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WASHINGTON (AP) — The number of Americans seeking unemployment benefits moved up last week to 332,000 from a pandemic low, a sign that the spread of the delta variant may have slightly increased layoffs.

Applications for jobless aid rose from 312,000 the week before, the Labor Department said Thursday. That was the lowest level since March 2020. Jobless claims, which generally track the pace of layoffs, have fallen steadily for two months as many employers, struggling to fill jobs, have held onto their workers.

Last week in Massachuetts, nearly 7,300 people filed new claims for unemployment benefits, up about 1,600 from the week prior.


Another 1,230 people filed claims under the Pandemic Unemployment Assistance program, which provides aid to those not eligible for traditional benefits, such as gig workers, down about 4,900 from the previous week. The PUA program ended on Sept. 4.

About 560 people filed claims for Pandemic Emergency Unemployment Compensation, an extended benefits program, down nearly 4,700 from the week prior. The PEUC program also ended on Sept. 4, along with the additional $300 weekly boost to regular benefits.

Last week’s increase was small and may be temporary. The four-week average of jobless claims, which smooths out fluctuations in the weekly data, dropped for the fifth straight week to just below 336,000. That figure is also the lowest since the pandemic began.

Separately, the Commerce Department reported that retail sales unexpectedly rose 0.7% last month, as Americans kept spending despite the rise in coronavirus cases. But how they spent continues to be skewed by the pandemic. Online shopping jumped in August but spending at restaurants, bars and other businesses that rely on crowds, appears to have gone into a holding pattern.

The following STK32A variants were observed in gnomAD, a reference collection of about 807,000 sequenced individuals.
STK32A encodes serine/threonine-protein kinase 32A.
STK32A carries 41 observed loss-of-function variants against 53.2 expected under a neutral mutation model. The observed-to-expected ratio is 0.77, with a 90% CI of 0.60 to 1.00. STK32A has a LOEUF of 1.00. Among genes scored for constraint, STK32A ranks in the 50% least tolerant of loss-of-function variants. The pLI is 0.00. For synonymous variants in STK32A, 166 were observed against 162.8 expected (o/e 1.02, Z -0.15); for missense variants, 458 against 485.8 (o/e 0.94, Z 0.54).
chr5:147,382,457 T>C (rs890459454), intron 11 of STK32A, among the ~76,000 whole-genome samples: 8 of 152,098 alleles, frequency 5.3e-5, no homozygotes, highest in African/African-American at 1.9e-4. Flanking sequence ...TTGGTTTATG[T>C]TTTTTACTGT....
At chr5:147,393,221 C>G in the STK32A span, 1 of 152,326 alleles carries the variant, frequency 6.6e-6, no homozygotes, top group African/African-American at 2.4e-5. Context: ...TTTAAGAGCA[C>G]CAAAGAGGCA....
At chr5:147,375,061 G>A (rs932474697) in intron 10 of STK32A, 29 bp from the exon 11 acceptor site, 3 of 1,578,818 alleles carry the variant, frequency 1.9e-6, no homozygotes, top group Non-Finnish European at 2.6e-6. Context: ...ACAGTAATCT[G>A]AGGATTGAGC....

Unemployment aid applications jumped 4,000 in Louisiana, evidence that Hurricane Ida led to widespread job losses in that state. Ida will likely nick the economy’s growth in the current July-September quarter, though repairs and rebuilding efforts are expected to make up for some of that in the coming months.


Still, Ida shut down oil refineries in Louisiana and Mississippi about two weeks ago and left more than 1 million homes and businesses without electricity. But Ida’s impact was limited: Applications for jobless aid fell slightly in Mississippi.

The job market and the broader economy have been slowed in recent weeks by the delta variant, which has discouraged many Americans from traveling, staying in hotels and eating out. Earlier this month, the government reported that employers added just 235,000 jobs in August after having added roughly a million people in both June and July.

Hiring in August plummeted in industries that require face-to-face contact with the public, notably restaurants, hotels and retailers. Still, some jobs were added in other areas, and the unemployment rate actually dropped to 5.2% from 5.4%.

The steady fall in weekly applications for unemployment benefits coincides with a scaling-back of aid for jobless Americans. Last week, more than 8 million people lost all their unemployment benefits with the expiration of two federal programs that covered gig workers and people who have been jobless for more than six months. Those emergency programs were created in March 2020, when the pandemic first tore through the economy.

An additional 2.7 million people who are receiving regular state unemployment aid lost a $300-a-week federal unemployment supplement last week.